A few pages dedicated to the two most successful and memorable engines ever
made by Mamod*
*In my view!
|Mamod's best ever mobile?, the ultra rare '67 straight lever SR1a
The steam roller and traction engine are about the most widely recognised steam
toys made by Mamod. Both engines have been in production for over 40 years and the quantities for each is in to
the hundreds of thousands. In this short piece I will look at the history of these two famous engines and give some
background to the models which everyone recognises as 'Mamod'.
The Steam Roller SR1 and SR1a
It was at the end of the 1950s or begining of the sixties that Eric
Malins came across the Mastrand Roller in a Gamages catalogue, it was this diminuative steam engine which was to be the inspiration
for Mamod's first true mobile - the SR1 Steam Roller.
The SR1 roller appeared in January 1961 at the trade shows of the time.
The engine was bigger than the Mastrand and featured highly polished aaluminum rolls, along with beautiful bright green and
red paint. The roller oozed charm and was an instant winner. This new mobile was a nifty little mover and scurried along the
floor at a not too realistic rate - as they still do to this day. This didn't seem to put off new owners one jot and the engine
quickly became a best seller.
The roller of 1961, although looking identicle to today's version was
made at a time when automation and rationalisation of parts was not so common at the Camden Street factory. Closer inspection
with todays roller will reveal a number of features no longer in the current model. Firstly screw fixings were very much in
evidence around the smoke box joint to the boiler and on the top of the firebox and engine frame. These were very much a more
'steam orientated' item than the pop rivets which were to replace them in 1965. Looking at the rear of the engine it will
be noticed that the very first engines had no tow hook, this was because the brass vapourising burner was rivetted to the
scuttle front plate. Looking even closer we notice that cranks were brassed and connected to a thinner crakshaft, they sometimes
had the word 'Mamod' on them too. The connecting rods on some early rollers had integral eyelet type ends too. The main differences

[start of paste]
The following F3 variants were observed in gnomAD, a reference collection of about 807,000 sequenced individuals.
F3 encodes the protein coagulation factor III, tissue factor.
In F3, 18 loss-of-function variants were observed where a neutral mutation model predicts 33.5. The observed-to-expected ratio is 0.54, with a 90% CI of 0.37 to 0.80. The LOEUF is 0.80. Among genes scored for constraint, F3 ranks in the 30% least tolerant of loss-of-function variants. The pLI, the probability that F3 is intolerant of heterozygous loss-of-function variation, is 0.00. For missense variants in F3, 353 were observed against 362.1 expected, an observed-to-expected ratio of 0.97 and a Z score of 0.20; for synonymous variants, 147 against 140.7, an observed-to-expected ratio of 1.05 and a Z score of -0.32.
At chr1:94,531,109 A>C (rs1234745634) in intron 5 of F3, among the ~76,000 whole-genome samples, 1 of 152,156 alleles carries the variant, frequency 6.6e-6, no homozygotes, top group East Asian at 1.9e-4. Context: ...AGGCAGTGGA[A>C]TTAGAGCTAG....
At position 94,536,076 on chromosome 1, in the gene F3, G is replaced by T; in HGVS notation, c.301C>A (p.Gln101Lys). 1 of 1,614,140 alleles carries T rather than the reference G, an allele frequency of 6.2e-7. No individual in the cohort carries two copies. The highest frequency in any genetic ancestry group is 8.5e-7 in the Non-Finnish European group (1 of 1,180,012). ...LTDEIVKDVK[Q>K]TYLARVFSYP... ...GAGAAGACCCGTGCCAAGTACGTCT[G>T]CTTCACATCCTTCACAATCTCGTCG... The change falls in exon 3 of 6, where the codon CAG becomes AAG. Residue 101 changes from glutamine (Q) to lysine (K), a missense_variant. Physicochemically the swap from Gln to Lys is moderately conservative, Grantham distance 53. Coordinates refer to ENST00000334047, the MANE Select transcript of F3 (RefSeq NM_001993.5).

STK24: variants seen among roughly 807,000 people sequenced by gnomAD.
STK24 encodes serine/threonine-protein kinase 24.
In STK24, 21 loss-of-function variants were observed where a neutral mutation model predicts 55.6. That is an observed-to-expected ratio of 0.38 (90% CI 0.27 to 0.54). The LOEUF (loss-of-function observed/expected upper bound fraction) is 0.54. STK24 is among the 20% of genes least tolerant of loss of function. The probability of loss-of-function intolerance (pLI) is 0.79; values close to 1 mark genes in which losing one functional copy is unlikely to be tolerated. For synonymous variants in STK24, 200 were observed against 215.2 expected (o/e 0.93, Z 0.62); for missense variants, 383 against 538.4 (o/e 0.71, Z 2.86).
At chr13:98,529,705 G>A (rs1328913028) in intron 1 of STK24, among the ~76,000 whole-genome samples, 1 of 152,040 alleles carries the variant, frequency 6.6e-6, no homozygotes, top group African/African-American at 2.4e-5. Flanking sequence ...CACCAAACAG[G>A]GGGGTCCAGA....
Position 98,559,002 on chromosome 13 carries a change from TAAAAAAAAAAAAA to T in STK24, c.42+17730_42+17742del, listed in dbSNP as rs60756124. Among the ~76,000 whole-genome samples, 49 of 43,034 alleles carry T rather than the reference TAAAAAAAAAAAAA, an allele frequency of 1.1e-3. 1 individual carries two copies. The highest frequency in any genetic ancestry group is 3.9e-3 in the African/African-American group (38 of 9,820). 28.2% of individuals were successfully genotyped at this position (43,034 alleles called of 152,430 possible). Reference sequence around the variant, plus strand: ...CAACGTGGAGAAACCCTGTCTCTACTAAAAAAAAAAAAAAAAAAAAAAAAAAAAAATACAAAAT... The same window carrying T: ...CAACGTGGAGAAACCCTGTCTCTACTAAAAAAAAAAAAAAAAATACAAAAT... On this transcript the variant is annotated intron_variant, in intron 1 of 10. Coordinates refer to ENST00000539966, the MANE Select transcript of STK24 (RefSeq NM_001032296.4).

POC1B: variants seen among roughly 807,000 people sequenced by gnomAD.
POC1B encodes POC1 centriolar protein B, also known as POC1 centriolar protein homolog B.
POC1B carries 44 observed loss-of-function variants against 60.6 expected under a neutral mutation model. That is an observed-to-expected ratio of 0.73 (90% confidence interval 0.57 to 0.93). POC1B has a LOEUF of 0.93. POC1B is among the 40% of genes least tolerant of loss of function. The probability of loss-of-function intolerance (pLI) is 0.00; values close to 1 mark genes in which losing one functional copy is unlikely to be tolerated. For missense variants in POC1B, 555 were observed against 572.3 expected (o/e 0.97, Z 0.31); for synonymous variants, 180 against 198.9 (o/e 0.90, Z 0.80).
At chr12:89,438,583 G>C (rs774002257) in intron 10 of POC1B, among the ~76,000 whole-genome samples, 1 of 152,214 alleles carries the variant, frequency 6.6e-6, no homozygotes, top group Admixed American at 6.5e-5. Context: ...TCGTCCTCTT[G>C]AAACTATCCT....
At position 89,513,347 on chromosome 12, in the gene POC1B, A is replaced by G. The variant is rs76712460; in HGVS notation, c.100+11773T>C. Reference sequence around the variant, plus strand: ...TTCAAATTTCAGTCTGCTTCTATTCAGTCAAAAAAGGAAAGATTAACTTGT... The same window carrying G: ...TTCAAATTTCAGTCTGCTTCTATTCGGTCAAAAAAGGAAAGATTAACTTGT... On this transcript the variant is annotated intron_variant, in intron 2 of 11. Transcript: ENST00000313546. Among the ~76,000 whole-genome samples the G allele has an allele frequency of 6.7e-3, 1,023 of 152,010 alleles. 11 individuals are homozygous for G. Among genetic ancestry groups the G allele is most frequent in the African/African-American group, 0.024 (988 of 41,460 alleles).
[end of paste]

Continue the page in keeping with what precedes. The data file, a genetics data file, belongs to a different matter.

apparent to any collector will be the lack of direction control and the wheels or rolls. The roller did not become bi-directional
until 1967 (with the introduction of the SR1a) and the aluminium rolls were replaced by mazak sometime around 1968. The turned
brass whistle was retained until 1972.
More subtle changes like the colour of the Mamod green has varied over
the years (see accompanying images). Initial rollers were apple green, which, over the years has matured into a dark 'brunswick'
type green. The front smokebox 'lost' its Birmingham tag to the frontal text when Mamod moved to Brierly Hill works, although
the name persisted on the front for a good few years afterwards - to use up stocks no doubt! Todays frontal treatment on the
smokebox harks back to the very first Mamod decals of 1937-40. Steering rods changed from the early red painted types with
more rounded ends through to the plain wooden ended versions as we see today. The plain sided firebox cowl gained extra holes
around 1972 to accommodate the SW1 chassis girders, the SW1 sharing the same firebox as the SR and TE.
Other major changes apart from the use of rivets and direction controls
are the introduction of solid fuel burners in 1977 and use of sight glasses in and around 1977/78. The adoption of
different boxes is maybe a less well know change as the very first examples were plain cardboard with red and black letterpress
line and tone graphics and typogrpahy. These were changes to the full colour 'blue box' types around 1968, which were in turn
changed to the full colour 'white box' types around 1972. These were subsequently updated to full colour brown and full colour
grey types in the mid/late 1970s.
|TEs dating from 1967 and 1990
The Mamod Traction Engine TE1/TE1a/b